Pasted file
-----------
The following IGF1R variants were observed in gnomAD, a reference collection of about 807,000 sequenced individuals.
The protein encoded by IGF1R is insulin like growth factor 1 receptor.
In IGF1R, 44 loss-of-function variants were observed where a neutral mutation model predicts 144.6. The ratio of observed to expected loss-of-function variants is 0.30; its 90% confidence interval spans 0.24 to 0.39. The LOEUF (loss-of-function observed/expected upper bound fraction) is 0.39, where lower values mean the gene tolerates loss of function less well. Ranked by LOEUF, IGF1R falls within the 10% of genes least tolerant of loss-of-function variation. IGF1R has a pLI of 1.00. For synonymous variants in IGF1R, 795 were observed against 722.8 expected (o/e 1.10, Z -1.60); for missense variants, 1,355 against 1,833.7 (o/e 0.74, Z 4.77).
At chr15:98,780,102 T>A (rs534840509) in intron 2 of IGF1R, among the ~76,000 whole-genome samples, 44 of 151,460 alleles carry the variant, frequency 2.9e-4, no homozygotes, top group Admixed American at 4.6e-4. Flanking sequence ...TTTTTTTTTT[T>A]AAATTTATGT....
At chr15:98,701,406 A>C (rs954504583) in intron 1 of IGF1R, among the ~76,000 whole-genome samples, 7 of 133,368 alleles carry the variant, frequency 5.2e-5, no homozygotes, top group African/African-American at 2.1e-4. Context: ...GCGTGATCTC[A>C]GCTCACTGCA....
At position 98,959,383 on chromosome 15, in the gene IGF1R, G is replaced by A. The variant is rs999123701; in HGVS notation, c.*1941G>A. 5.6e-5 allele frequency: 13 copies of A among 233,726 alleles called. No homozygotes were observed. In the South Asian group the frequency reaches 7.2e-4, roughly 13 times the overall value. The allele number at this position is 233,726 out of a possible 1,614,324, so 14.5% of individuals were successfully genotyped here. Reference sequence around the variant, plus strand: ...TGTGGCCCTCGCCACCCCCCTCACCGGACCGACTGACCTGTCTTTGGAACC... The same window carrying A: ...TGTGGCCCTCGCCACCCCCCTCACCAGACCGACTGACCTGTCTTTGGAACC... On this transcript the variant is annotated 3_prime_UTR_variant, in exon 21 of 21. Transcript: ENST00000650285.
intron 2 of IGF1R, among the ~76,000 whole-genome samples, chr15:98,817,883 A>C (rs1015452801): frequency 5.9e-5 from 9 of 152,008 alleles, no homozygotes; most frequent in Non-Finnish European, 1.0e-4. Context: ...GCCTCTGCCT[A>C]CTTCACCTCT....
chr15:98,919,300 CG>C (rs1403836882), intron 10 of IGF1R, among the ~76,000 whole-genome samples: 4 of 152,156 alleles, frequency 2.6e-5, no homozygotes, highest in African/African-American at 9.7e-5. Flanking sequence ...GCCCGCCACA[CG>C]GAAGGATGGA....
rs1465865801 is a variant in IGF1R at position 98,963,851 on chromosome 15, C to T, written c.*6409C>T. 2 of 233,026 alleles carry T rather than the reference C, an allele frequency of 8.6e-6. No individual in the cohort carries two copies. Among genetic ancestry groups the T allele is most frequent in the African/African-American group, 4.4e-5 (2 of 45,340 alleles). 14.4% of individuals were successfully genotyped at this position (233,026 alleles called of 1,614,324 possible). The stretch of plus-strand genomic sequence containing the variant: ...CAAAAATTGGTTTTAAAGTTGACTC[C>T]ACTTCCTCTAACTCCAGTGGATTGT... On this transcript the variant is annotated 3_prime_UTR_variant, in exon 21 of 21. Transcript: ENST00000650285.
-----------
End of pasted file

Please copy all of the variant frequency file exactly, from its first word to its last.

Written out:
The following IGF1R variants were observed in gnomAD, a reference collection of about 807,000 sequenced individuals.
The protein encoded by IGF1R is insulin like growth factor 1 receptor.
In IGF1R, 44 loss-of-function variants were observed where a neutral mutation model predicts 144.6. The ratio of observed to expected loss-of-function variants is 0.30; its 90% confidence interval spans 0.24 to 0.39. The LOEUF (loss-of-function observed/expected upper bound fraction) is 0.39, where lower values mean the gene tolerates loss of function less well. Ranked by LOEUF, IGF1R falls within the 10% of genes least tolerant of loss-of-function variation. IGF1R has a pLI of 1.00. For synonymous variants in IGF1R, 795 were observed against 722.8 expected (o/e 1.10, Z -1.60); for missense variants, 1,355 against 1,833.7 (o/e 0.74, Z 4.77).
At chr15:98,780,102 T>A (rs534840509) in intron 2 of IGF1R, among the ~76,000 whole-genome samples, 44 of 151,460 alleles carry the variant, frequency 2.9e-4, no homozygotes, top group Admixed American at 4.6e-4. Flanking sequence ...TTTTTTTTTT[T>A]AAATTTATGT....
At chr15:98,701,406 A>C (rs954504583) in intron 1 of IGF1R, among the ~76,000 whole-genome samples, 7 of 133,368 alleles carry the variant, frequency 5.2e-5, no homozygotes, top group African/African-American at 2.1e-4. Context: ...GCGTGATCTC[A>C]GCTCACTGCA....
At position 98,959,383 on chromosome 15, in the gene IGF1R, G is replaced by A. The variant is rs999123701; in HGVS notation, c.*1941G>A. 5.6e-5 allele frequency: 13 copies of A among 233,726 alleles called. No homozygotes were observed. In the South Asian group the frequency reaches 7.2e-4, roughly 13 times the overall value. The allele number at this position is 233,726 out of a possible 1,614,324, so 14.5% of individuals were successfully genotyped here. Reference sequence around the variant, plus strand: ...TGTGGCCCTCGCCACCCCCCTCACCGGACCGACTGACCTGTCTTTGGAACC... The same window carrying A: ...TGTGGCCCTCGCCACCCCCCTCACCAGACCGACTGACCTGTCTTTGGAACC... On this transcript the variant is annotated 3_prime_UTR_variant, in exon 21 of 21. Transcript: ENST00000650285.
intron 2 of IGF1R, among the ~76,000 whole-genome samples, chr15:98,817,883 A>C (rs1015452801): frequency 5.9e-5 from 9 of 152,008 alleles, no homozygotes; most frequent in Non-Finnish European, 1.0e-4. Context: ...GCCTCTGCCT[A>C]CTTCACCTCT....
chr15:98,919,300 CG>C (rs1403836882), intron 10 of IGF1R, among the ~76,000 whole-genome samples: 4 of 152,156 alleles, frequency 2.6e-5, no homozygotes, highest in African/African-American at 9.7e-5. Flanking sequence ...GCCCGCCACA[CG>C]GAAGGATGGA....
rs1465865801 is a variant in IGF1R at position 98,963,851 on chromosome 15, C to T, written c.*6409C>T. 2 of 233,026 alleles carry T rather than the reference C, an allele frequency of 8.6e-6. No individual in the cohort carries two copies. Among genetic ancestry groups the T allele is most frequent in the African/African-American group, 4.4e-5 (2 of 45,340 alleles). 14.4% of individuals were successfully genotyped at this position (233,026 alleles called of 1,614,324 possible). The stretch of plus-strand genomic sequence containing the variant: ...CAAAAATTGGTTTTAAAGTTGACTC[C>T]ACTTCCTCTAACTCCAGTGGATTGT... On this transcript the variant is annotated 3_prime_UTR_variant, in exon 21 of 21. Transcript: ENST00000650285.